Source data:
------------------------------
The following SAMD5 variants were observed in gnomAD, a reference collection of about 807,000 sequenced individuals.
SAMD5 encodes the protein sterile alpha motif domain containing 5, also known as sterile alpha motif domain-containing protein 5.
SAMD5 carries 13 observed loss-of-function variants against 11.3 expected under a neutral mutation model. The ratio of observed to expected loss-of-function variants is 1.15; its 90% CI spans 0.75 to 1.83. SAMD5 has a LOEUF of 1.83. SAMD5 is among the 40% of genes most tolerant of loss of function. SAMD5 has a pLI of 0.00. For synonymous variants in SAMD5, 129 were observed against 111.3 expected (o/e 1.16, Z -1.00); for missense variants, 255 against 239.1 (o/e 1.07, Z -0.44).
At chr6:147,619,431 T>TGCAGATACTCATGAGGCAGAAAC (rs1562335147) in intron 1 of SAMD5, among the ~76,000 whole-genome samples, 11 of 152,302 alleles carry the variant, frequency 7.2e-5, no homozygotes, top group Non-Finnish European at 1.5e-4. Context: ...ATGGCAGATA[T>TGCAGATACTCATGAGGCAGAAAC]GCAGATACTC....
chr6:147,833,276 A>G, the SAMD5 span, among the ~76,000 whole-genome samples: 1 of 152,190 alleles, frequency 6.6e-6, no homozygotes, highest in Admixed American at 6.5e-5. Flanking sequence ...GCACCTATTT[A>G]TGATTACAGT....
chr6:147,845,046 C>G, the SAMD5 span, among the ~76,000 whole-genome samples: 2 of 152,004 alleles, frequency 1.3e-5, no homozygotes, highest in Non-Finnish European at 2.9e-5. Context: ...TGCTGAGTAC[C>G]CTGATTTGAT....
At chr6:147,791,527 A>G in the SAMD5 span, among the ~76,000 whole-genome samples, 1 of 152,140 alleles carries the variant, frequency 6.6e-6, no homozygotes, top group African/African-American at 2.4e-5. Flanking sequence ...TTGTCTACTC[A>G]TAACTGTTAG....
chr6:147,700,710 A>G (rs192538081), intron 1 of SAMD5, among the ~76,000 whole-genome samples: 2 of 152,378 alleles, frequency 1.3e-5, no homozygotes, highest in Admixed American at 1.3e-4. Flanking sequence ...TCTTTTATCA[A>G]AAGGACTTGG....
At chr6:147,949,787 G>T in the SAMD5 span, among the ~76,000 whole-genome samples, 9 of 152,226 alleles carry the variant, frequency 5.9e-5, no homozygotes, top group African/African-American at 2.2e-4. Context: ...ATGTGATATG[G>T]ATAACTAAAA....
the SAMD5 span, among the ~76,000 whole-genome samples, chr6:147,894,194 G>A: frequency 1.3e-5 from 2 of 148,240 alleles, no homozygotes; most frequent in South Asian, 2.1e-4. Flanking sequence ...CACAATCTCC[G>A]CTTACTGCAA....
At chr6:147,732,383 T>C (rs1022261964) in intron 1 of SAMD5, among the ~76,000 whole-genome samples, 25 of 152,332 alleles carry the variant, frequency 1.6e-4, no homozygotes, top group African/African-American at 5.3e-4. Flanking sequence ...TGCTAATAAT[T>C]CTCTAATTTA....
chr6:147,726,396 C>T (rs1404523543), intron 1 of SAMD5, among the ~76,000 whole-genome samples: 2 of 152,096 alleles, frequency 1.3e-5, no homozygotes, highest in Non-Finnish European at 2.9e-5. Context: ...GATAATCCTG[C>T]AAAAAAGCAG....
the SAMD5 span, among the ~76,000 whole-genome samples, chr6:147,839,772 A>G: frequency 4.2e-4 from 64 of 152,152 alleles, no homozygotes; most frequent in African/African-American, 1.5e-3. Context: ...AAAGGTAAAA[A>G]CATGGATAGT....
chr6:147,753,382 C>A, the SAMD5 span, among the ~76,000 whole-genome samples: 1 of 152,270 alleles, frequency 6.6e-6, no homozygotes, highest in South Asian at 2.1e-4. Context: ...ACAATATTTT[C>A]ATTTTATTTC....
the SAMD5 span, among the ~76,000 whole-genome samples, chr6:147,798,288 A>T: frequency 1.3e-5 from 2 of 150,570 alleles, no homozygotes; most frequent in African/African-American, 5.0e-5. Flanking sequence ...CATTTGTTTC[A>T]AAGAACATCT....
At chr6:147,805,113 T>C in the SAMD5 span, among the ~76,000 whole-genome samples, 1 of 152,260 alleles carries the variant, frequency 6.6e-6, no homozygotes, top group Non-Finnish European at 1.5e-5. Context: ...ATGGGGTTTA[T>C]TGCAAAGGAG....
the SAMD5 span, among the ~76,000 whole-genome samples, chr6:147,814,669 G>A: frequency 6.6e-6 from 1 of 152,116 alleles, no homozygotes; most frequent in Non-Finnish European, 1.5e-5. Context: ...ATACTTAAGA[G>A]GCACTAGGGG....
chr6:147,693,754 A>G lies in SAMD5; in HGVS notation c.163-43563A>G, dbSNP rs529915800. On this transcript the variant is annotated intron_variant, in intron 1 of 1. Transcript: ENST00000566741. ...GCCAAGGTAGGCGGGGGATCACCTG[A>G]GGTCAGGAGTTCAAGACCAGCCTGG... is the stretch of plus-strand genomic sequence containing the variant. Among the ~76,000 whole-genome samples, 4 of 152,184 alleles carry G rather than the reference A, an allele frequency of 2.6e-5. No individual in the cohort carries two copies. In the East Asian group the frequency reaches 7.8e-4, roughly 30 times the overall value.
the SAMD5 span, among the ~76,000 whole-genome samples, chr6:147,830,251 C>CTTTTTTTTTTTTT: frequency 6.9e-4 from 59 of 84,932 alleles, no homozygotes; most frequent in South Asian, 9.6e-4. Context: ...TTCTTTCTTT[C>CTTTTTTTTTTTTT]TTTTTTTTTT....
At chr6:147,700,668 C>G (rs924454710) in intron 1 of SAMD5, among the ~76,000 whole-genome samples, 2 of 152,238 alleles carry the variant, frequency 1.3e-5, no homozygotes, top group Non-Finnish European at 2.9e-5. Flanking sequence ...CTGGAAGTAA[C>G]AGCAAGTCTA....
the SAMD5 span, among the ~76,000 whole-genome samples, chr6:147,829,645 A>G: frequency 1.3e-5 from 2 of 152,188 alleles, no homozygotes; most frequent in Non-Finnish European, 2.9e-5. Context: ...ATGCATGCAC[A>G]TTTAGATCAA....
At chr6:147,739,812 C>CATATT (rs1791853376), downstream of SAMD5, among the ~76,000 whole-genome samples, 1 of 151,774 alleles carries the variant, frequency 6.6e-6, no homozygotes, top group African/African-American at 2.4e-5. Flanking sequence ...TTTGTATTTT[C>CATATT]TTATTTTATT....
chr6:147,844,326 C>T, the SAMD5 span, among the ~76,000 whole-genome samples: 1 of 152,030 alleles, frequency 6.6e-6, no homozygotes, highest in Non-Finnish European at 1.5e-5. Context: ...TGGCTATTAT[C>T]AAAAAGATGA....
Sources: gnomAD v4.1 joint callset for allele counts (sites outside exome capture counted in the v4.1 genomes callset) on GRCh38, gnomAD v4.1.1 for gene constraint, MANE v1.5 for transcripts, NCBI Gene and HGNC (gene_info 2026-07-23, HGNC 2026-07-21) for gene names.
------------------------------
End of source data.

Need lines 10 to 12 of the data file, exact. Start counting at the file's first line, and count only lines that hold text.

the SAMD5 span, among the ~76,000 whole-genome samples, chr6:147,894,194 G>A: frequency 1.3e-5 from 2 of 148,240 alleles, no homozygotes; most frequent in South Asian, 2.1e-4. Flanking sequence ...CACAATCTCC[G>A]CTTACTGCAA....
At chr6:147,732,383 T>C (rs1022261964) in intron 1 of SAMD5, among the ~76,000 whole-genome samples, 25 of 152,332 alleles carry the variant, frequency 1.6e-4, no homozygotes, top group African/African-American at 5.3e-4. Flanking sequence ...TGCTAATAAT[T>C]CTCTAATTTA....
chr6:147,726,396 C>T (rs1404523543), intron 1 of SAMD5, among the ~76,000 whole-genome samples: 2 of 152,096 alleles, frequency 1.3e-5, no homozygotes, highest in Non-Finnish European at 2.9e-5. Context: ...GATAATCCTG[C>T]AAAAAAGCAG....